This picture of cyanobacteria Gloeotrichia echinulata won 4th place in the 1992 Nikon Small World Competition.
About 3 billion years ago, Earth was a different planet. It was not populated by people, animals or plants, and the atmosphere was mostly carbon dioxide. Earth’s inhabitants were microorganisms such as bacteria, so small they’re impossible to see without the help of a microscope.
So how did that Earth become the planet on which we live? Many scientists who study evolution blame one particular organism called cyanobacteria. (Sometimes known as blue-green algae or blue-green bacteria, these microorganisms were grouped together with algae until just a few years ago.)
“Blue-green bacteria changed the world more than any other group of organisms,” says Brent Mishler, a phycologist at the University of California, Berkeley. Blue-green bacteria were capable of photosynthesis, he says, which means they started taking carbon dioxide and adding oxygen to the atmosphere.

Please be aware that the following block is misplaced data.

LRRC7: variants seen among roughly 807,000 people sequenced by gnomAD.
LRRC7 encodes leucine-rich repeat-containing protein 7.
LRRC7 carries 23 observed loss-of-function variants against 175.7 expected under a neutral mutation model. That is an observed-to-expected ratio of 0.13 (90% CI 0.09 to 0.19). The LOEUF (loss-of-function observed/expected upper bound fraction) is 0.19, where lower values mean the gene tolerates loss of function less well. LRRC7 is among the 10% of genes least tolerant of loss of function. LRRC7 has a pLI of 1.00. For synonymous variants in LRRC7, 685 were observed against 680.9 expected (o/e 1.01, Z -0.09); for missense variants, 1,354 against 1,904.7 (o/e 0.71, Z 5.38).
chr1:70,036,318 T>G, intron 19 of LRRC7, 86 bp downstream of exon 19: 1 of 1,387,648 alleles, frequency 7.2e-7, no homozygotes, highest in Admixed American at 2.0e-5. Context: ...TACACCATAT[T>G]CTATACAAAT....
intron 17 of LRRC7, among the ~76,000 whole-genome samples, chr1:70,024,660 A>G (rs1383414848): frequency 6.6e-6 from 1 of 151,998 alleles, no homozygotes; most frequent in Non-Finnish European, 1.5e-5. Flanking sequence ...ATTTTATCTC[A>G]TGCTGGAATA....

Scientists think that blue-green bacteria are also responsible for algae. Here’s how: These bacteria may have been the first organisms to stay alive through photosynthesis. That means they used sunlight, water and carbon to make their own food.
Other organisms regularly fed on the blue-green bacteria as well. One of these organisms was the ancient ancestor of green algae. But this ancient alga wasn’t green back then — it was colorless.
And one time, when this algal ancestor ate one of these blue-green bacteria, something strange happened. The organism didn’t digest the bacteria — it absorbed it.
Instead of becoming dinner, that bacteria became a permanent resident inside the other organism. Biologists believe that bacteria-inside-an-organism is the oldest ancestor of all green algae. These two organisms each had their own set of genes, but after millions of years and many, many, many generations, the genes mixed and both sets became essential for the alga’s survival. The two organisms had become a single organism.